Gota Canal Day 12: Sjotorp


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Twelve days after we’d entered at Mem, we exited the Gota Canal at Sjotorp. We likely would have spent a few more days along the canal at a slightly slower pace, but the following day the canal switches from the high season, where locks are individually manned and boaters can pass through on their own schedule, to the booking season, where boats travel in fixed convoys with a lockkeeper accompanying them. We considered staying longer and travelling with a convoy, with the possibility of stopping where we wanted and rejoining a later convoy, but the lack of flexibility and the delays while groups of boats locked through discouraged us. And we’d spent an enjoyable nearly two weeks on the canal, so felt fine.

That final day we passed through ten locks and seven bridges, and descended 83.0ft (25.3m) to Lake Vanern at (43.8m) above sea level and moored for the night at Sjotorp. Over the next week or so, we planned to spend some time cruising Lake Vanern, then eventually pass through the Trollhatte canal to reach sea level again, this time on the west coast of Sweden.

Below are trip highlights from August 14, 2019. Click any image for a larger view, or click the position to view the location on a map. And a live map of our current route and most recent log entries always is available at mvdirona.com/maps.

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Norrkvarn Upper Lock
The road bridge and gate open for us to enter the Norrkvarn Upper Lock, where we’ll drop 9.5 ft (2.9m).
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Norrkvarn Lower Lock
Approaching the Norrkvarn Lower Lock with the same drop of 9.5 ft (2.9m) as the Norrkvarn Upper Lock.
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Norrkvarn Upper Lock
The road bridge and gate open for us to enter the Norrkvarn Upper Lock, where we’ll drop 9.5 ft (2.9m).
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Norrkvarn Lower Lock
Approaching the Norrkvarn Lower Lock with the same drop of 9.5 ft (2.9m) as the Norrkvarn Upper Lock.
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1,000 Wing Hours
We’ve just reached 1,000 hours on our Lugger L844D wing engine. Like the Deere main engine, the Lugger has run trouble-free and only required routine part replacement and maintenance. We’ve changed a raw water pump, a couple exhaust elbows, and some sensors, but otherwise only maintenance items.
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Lyrestad E20 Bridge
The Lyrestad E20 Bridge opening for us to pass.
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Lyrestad Church
Lyrestad Church, built in 1674, contains a Madonna figure from the 12th century and a baptismal font dating from around 1200.
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Lyrestad Old Bridge
The Lyrestad Old Bridge is a swing bridge dating from 1934 with two pairs of water regulating gates built into the abutments.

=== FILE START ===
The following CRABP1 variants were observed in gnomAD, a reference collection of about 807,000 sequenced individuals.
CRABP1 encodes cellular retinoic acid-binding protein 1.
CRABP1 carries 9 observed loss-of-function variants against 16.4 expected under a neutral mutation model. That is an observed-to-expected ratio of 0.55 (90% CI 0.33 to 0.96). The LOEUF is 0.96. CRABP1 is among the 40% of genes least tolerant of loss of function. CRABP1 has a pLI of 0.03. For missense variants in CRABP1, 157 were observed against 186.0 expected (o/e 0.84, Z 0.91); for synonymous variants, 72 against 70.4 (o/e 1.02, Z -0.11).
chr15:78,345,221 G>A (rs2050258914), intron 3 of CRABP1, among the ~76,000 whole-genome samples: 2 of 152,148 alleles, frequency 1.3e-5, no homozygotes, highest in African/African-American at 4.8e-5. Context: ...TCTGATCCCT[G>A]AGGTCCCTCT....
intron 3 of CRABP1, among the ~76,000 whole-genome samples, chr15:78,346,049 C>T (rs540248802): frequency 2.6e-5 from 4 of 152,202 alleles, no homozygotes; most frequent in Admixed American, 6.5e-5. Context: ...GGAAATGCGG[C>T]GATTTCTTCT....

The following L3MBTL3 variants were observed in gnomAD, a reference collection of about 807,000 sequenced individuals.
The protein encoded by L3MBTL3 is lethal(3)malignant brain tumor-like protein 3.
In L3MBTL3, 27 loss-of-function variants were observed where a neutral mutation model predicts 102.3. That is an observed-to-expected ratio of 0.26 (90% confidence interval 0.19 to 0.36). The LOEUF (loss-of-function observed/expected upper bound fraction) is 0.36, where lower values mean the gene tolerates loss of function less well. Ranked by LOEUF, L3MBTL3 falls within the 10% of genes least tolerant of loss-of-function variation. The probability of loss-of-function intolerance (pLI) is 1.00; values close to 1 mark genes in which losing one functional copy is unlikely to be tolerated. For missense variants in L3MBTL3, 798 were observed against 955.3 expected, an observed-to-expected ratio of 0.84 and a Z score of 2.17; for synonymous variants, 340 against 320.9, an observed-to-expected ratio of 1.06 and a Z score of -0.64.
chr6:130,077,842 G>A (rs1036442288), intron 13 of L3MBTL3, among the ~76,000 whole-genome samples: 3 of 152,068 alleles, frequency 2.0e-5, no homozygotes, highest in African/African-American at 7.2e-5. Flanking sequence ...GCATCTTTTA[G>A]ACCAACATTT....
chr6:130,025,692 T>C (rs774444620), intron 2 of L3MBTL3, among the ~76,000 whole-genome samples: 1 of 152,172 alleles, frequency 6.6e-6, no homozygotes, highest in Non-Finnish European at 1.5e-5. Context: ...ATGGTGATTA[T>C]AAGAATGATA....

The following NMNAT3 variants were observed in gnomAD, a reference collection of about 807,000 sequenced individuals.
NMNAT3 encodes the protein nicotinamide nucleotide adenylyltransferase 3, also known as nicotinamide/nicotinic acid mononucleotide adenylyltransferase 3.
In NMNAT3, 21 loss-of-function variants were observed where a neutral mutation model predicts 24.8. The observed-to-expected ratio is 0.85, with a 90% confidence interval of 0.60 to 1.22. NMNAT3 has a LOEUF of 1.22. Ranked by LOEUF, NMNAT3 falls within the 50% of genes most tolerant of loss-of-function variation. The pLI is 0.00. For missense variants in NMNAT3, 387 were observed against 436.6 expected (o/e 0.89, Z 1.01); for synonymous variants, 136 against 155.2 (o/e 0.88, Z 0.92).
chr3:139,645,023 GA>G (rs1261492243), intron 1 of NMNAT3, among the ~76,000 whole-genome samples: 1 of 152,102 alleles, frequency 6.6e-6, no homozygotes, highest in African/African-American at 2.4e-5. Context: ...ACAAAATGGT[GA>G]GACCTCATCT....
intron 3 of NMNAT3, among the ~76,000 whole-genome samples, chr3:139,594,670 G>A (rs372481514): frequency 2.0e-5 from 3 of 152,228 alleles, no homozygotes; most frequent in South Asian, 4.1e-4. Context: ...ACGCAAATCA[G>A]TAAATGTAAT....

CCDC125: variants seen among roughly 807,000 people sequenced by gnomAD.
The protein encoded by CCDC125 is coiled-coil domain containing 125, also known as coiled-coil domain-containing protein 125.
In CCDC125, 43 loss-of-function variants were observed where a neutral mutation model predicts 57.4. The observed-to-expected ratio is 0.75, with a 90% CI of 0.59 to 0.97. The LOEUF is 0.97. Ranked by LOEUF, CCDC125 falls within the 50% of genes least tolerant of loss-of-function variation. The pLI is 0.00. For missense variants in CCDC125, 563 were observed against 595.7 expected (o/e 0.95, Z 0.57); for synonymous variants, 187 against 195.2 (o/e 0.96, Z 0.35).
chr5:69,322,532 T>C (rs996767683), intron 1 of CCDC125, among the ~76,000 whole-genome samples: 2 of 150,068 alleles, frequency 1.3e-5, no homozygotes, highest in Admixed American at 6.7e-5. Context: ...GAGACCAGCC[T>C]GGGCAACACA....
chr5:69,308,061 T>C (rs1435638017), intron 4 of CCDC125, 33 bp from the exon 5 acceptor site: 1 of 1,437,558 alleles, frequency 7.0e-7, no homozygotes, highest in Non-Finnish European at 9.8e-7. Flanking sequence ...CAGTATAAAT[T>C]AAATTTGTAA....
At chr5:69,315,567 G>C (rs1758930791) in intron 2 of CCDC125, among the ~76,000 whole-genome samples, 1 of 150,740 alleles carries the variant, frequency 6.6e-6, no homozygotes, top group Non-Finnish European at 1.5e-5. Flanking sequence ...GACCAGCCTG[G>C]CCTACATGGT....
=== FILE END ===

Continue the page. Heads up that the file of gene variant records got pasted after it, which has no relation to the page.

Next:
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Lyrestad Railway Bridge
Looking down the tracks as we pass through the Lyrestad Railway Bridge.
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Rogstorp Bridge
The Rogstorp rolling bridge is modern copy of the older bridges built by Motala Verkstad. The bridgekeeper’s cottage is the original from 1863.

Except for railway bridges, which are opened based on train schedules, we’ve generally not had to wait long for a bridge opening, but had to wait at least 20 minutes for this one. Likely the lockkeeper was busy elsewhere.

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Waiting
Waiting on a jetty for commercial traffic to pass through the Sjotorp locks. Today is the last day of the regular high season, and the canal has been de-staffing, so we’re seeing more delays. Starting tomorrow until the end of September, boats travel in scheduled convoys with a lockkeeper moving between the locks with them, rather than being stationed at the individual locks.
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Dirt
We had at least an hour to wait for the Sjotorp locks, so did some chores. Our new Shark Navigator continues to pull out an astonishing amount of dirt and dust from our carpets.
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Bellevue
The day-cruise ship Bellevue emerging from the locks on a run between Sjotorp and Toreboda.
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Sjotorp 7-8
Approaching the top lock of the Sjotorp 7-8 double lock to descend 15.1ft (4.6m).
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Spitfire
Spitfire taking in the view from the salon as we’re underway.
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Sjotorp 6
Approaching the single Sjotorp 6 lock to descend 7.9ft (2.4m).